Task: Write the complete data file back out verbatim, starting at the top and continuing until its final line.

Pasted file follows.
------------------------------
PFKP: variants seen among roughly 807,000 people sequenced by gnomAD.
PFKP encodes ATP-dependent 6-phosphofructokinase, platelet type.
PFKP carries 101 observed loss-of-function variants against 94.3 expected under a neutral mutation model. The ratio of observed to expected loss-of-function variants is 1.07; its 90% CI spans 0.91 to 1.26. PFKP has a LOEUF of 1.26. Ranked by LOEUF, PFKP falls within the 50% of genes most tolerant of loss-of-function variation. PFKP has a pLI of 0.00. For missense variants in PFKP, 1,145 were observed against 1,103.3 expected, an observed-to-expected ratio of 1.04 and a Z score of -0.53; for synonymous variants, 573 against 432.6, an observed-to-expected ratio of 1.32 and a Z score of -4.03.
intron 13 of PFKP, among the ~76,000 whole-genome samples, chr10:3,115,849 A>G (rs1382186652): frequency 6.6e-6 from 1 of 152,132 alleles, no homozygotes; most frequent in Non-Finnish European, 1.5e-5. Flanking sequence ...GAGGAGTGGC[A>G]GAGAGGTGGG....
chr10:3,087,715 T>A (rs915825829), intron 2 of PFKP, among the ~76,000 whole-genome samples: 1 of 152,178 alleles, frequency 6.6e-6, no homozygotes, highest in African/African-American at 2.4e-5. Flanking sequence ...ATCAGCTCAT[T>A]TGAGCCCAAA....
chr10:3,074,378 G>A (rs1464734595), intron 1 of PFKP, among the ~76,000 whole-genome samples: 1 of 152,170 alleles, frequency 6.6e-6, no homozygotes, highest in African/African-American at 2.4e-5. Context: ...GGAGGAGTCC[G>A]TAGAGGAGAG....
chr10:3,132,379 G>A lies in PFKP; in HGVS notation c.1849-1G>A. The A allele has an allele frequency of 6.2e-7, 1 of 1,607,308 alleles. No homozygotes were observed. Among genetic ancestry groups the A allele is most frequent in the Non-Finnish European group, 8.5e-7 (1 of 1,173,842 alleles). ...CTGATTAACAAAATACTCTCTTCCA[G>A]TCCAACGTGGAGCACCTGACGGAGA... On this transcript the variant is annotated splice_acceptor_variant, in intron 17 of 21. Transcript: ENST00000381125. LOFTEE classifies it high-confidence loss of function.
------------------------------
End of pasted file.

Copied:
PFKP: variants seen among roughly 807,000 people sequenced by gnomAD.
PFKP encodes ATP-dependent 6-phosphofructokinase, platelet type.
PFKP carries 101 observed loss-of-function variants against 94.3 expected under a neutral mutation model. The ratio of observed to expected loss-of-function variants is 1.07; its 90% CI spans 0.91 to 1.26. PFKP has a LOEUF of 1.26. Ranked by LOEUF, PFKP falls within the 50% of genes most tolerant of loss-of-function variation. PFKP has a pLI of 0.00. For missense variants in PFKP, 1,145 were observed against 1,103.3 expected, an observed-to-expected ratio of 1.04 and a Z score of -0.53; for synonymous variants, 573 against 432.6, an observed-to-expected ratio of 1.32 and a Z score of -4.03.
intron 13 of PFKP, among the ~76,000 whole-genome samples, chr10:3,115,849 A>G (rs1382186652): frequency 6.6e-6 from 1 of 152,132 alleles, no homozygotes; most frequent in Non-Finnish European, 1.5e-5. Flanking sequence ...GAGGAGTGGC[A>G]GAGAGGTGGG....
chr10:3,087,715 T>A (rs915825829), intron 2 of PFKP, among the ~76,000 whole-genome samples: 1 of 152,178 alleles, frequency 6.6e-6, no homozygotes, highest in African/African-American at 2.4e-5. Flanking sequence ...ATCAGCTCAT[T>A]TGAGCCCAAA....
chr10:3,074,378 G>A (rs1464734595), intron 1 of PFKP, among the ~76,000 whole-genome samples: 1 of 152,170 alleles, frequency 6.6e-6, no homozygotes, highest in African/African-American at 2.4e-5. Context: ...GGAGGAGTCC[G>A]TAGAGGAGAG....
chr10:3,132,379 G>A lies in PFKP; in HGVS notation c.1849-1G>A. The A allele has an allele frequency of 6.2e-7, 1 of 1,607,308 alleles. No homozygotes were observed. Among genetic ancestry groups the A allele is most frequent in the Non-Finnish European group, 8.5e-7 (1 of 1,173,842 alleles). ...CTGATTAACAAAATACTCTCTTCCA[G>A]TCCAACGTGGAGCACCTGACGGAGA... On this transcript the variant is annotated splice_acceptor_variant, in intron 17 of 21. Transcript: ENST00000381125. LOFTEE classifies it high-confidence loss of function.